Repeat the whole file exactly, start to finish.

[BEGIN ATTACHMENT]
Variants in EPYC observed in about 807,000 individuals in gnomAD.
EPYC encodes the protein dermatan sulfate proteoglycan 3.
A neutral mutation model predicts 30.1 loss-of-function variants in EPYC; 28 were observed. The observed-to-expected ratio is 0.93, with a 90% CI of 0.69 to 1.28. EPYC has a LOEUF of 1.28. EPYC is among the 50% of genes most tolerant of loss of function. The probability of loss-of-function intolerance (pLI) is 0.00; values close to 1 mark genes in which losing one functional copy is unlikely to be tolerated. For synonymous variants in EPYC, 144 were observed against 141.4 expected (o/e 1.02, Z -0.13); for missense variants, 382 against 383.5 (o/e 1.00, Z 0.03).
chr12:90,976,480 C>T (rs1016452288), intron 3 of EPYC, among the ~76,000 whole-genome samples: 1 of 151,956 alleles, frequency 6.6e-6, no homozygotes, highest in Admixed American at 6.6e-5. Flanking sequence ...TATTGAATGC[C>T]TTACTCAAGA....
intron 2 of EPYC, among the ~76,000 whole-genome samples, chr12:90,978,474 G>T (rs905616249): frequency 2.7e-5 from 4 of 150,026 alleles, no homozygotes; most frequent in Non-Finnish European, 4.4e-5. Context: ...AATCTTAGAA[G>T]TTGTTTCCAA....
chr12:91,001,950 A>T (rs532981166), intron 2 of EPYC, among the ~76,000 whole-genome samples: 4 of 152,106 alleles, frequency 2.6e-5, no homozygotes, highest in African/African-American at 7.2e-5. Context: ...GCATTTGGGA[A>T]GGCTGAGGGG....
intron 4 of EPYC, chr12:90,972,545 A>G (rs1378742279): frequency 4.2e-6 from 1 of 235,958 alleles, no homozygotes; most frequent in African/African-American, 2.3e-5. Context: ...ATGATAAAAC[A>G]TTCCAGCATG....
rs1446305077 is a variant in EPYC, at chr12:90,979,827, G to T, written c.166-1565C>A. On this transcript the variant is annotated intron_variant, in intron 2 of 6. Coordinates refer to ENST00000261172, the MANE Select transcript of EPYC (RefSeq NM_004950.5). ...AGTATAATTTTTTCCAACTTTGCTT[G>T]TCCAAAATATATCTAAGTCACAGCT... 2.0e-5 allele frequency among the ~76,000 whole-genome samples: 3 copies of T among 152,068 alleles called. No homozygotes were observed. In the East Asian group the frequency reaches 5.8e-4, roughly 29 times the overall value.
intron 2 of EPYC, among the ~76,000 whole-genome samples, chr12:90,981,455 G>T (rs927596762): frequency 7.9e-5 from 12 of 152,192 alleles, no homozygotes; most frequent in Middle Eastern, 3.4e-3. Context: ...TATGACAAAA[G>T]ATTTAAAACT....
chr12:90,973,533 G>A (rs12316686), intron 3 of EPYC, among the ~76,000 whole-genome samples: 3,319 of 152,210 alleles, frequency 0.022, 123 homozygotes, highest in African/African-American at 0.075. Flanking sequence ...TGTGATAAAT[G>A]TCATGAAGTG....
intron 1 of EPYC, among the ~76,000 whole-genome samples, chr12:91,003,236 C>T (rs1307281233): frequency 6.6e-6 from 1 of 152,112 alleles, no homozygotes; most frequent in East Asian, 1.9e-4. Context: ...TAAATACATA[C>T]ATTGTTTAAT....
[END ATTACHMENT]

Variants in EPYC observed in about 807,000 individuals in gnomAD.
EPYC encodes the protein dermatan sulfate proteoglycan 3.
A neutral mutation model predicts 30.1 loss-of-function variants in EPYC; 28 were observed. The observed-to-expected ratio is 0.93, with a 90% CI of 0.69 to 1.28. EPYC has a LOEUF of 1.28. EPYC is among the 50% of genes most tolerant of loss of function. The probability of loss-of-function intolerance (pLI) is 0.00; values close to 1 mark genes in which losing one functional copy is unlikely to be tolerated. For synonymous variants in EPYC, 144 were observed against 141.4 expected (o/e 1.02, Z -0.13); for missense variants, 382 against 383.5 (o/e 1.00, Z 0.03).
chr12:90,976,480 C>T (rs1016452288), intron 3 of EPYC, among the ~76,000 whole-genome samples: 1 of 151,956 alleles, frequency 6.6e-6, no homozygotes, highest in Admixed American at 6.6e-5. Flanking sequence ...TATTGAATGC[C>T]TTACTCAAGA....
intron 2 of EPYC, among the ~76,000 whole-genome samples, chr12:90,978,474 G>T (rs905616249): frequency 2.7e-5 from 4 of 150,026 alleles, no homozygotes; most frequent in Non-Finnish European, 4.4e-5. Context: ...AATCTTAGAA[G>T]TTGTTTCCAA....
chr12:91,001,950 A>T (rs532981166), intron 2 of EPYC, among the ~76,000 whole-genome samples: 4 of 152,106 alleles, frequency 2.6e-5, no homozygotes, highest in African/African-American at 7.2e-5. Context: ...GCATTTGGGA[A>T]GGCTGAGGGG....
intron 4 of EPYC, chr12:90,972,545 A>G (rs1378742279): frequency 4.2e-6 from 1 of 235,958 alleles, no homozygotes; most frequent in African/African-American, 2.3e-5. Context: ...ATGATAAAAC[A>G]TTCCAGCATG....
rs1446305077 is a variant in EPYC, at chr12:90,979,827, G to T, written c.166-1565C>A. On this transcript the variant is annotated intron_variant, in intron 2 of 6. Coordinates refer to ENST00000261172, the MANE Select transcript of EPYC (RefSeq NM_004950.5). ...AGTATAATTTTTTCCAACTTTGCTT[G>T]TCCAAAATATATCTAAGTCACAGCT... 2.0e-5 allele frequency among the ~76,000 whole-genome samples: 3 copies of T among 152,068 alleles called. No homozygotes were observed. In the East Asian group the frequency reaches 5.8e-4, roughly 29 times the overall value.
intron 2 of EPYC, among the ~76,000 whole-genome samples, chr12:90,981,455 G>T (rs927596762): frequency 7.9e-5 from 12 of 152,192 alleles, no homozygotes; most frequent in Middle Eastern, 3.4e-3. Context: ...TATGACAAAA[G>T]ATTTAAAACT....
chr12:90,973,533 G>A (rs12316686), intron 3 of EPYC, among the ~76,000 whole-genome samples: 3,319 of 152,210 alleles, frequency 0.022, 123 homozygotes, highest in African/African-American at 0.075. Flanking sequence ...TGTGATAAAT[G>A]TCATGAAGTG....
intron 1 of EPYC, among the ~76,000 whole-genome samples, chr12:91,003,236 C>T (rs1307281233): frequency 6.6e-6 from 1 of 152,112 alleles, no homozygotes; most frequent in East Asian, 1.9e-4. Context: ...TAAATACATA[C>T]ATTGTTTAAT....